Quotes From 'Beloved' by Toni Morrison

Beloved - Toni Morrison
Alfred Knopf

Editor's Note: Toni Morrison passed away on August 5, 2019. We've gathered highlights from one of her most celebrated novels to help you honor her work.

Beloved is a novel by Toni Morrison, who uses flashbacks and other devices to draw us through the tragic series of events in Sethe's life. A moment of insanity shaped the rest of her existence. She and those around her would never be the same. Here are a few quotes from this dark novel, Beloved.

Notable Quotes from Toni Morrison's Beloved

  • "124 was spiteful. Full of a baby's venom."
    - Toni Morrison, Beloved, Ch. 1
  • "My first-born. All I can remember of her is how she loved the burned bottom of bread. Can you beat that? Eight children and that's all I remember."
    - Toni Morrison, Beloved, Ch. 1
  • "a pool of red and undulating light that locked him where he stood."
    - Toni Morrison, Beloved, Ch. 1
  • "If a Negro got legs he ought to use them. Sit down too long, somebody will figure out a way to tie them up."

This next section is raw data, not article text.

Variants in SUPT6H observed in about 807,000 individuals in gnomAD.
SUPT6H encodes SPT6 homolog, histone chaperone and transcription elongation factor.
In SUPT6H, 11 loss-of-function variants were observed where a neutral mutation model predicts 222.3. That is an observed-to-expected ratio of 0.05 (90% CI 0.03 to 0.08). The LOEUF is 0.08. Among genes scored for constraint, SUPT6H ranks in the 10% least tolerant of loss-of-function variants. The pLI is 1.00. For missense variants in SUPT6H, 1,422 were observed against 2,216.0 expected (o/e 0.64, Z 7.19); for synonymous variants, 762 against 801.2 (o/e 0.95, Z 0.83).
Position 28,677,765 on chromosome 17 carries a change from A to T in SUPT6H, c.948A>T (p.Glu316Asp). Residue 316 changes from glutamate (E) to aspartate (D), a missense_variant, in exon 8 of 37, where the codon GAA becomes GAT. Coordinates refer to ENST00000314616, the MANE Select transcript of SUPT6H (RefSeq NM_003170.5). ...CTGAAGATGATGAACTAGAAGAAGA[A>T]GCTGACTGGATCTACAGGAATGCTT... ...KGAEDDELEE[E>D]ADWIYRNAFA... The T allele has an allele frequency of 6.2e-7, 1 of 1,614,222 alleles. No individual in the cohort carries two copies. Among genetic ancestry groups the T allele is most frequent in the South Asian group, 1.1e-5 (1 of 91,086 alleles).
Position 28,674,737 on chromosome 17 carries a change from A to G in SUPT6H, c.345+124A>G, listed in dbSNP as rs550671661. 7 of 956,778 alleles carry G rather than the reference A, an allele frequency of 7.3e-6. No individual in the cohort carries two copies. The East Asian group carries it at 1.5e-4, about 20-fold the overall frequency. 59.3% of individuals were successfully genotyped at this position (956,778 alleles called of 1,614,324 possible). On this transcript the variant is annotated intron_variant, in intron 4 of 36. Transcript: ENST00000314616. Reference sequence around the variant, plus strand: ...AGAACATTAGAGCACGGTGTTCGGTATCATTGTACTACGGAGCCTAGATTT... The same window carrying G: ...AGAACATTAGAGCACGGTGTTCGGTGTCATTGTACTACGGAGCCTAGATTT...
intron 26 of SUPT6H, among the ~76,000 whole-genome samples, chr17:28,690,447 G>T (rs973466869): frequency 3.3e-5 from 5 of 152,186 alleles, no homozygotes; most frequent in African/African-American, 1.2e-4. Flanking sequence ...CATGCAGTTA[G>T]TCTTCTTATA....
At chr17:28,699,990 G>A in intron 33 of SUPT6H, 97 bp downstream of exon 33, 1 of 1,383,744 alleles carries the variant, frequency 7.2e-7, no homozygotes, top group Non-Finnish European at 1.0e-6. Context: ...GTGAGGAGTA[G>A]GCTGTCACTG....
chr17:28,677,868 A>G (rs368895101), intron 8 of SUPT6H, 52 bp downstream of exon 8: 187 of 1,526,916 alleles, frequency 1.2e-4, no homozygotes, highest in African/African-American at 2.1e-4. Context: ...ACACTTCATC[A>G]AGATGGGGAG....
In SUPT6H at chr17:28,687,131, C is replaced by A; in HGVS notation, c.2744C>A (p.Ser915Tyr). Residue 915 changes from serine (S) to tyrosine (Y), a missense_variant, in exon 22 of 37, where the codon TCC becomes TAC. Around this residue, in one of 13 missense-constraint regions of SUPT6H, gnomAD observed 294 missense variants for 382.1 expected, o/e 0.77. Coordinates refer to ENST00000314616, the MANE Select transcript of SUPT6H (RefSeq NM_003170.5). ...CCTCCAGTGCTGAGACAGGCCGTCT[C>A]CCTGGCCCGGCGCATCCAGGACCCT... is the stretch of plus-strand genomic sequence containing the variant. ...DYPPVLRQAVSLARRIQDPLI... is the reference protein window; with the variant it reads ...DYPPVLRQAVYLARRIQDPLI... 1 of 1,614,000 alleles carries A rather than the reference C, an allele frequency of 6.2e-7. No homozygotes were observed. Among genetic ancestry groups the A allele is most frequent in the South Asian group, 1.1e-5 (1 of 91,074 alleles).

- Toni Morrison, Beloved, Ch. 1
  • "I got a tree on my back and a haint in my house, and nothing in between but the daughter I am holding in my arms. No more running--from nothing. I will never run from another thing on this earth. I took one journey and I paid for the ticket, but let me tell you something, Paul D Garner: it cost too much! Do you hear me? It cost too much."
    - Toni Morrison, Beloved, Ch. 1
  • "the house itself was pitching."
    - Toni Morrison, Beloved, Ch. 1
  • "A man ain't nothing but a man. But a son? Well, now, that's somebody"
    - Toni Morrison, Beloved, Ch. 2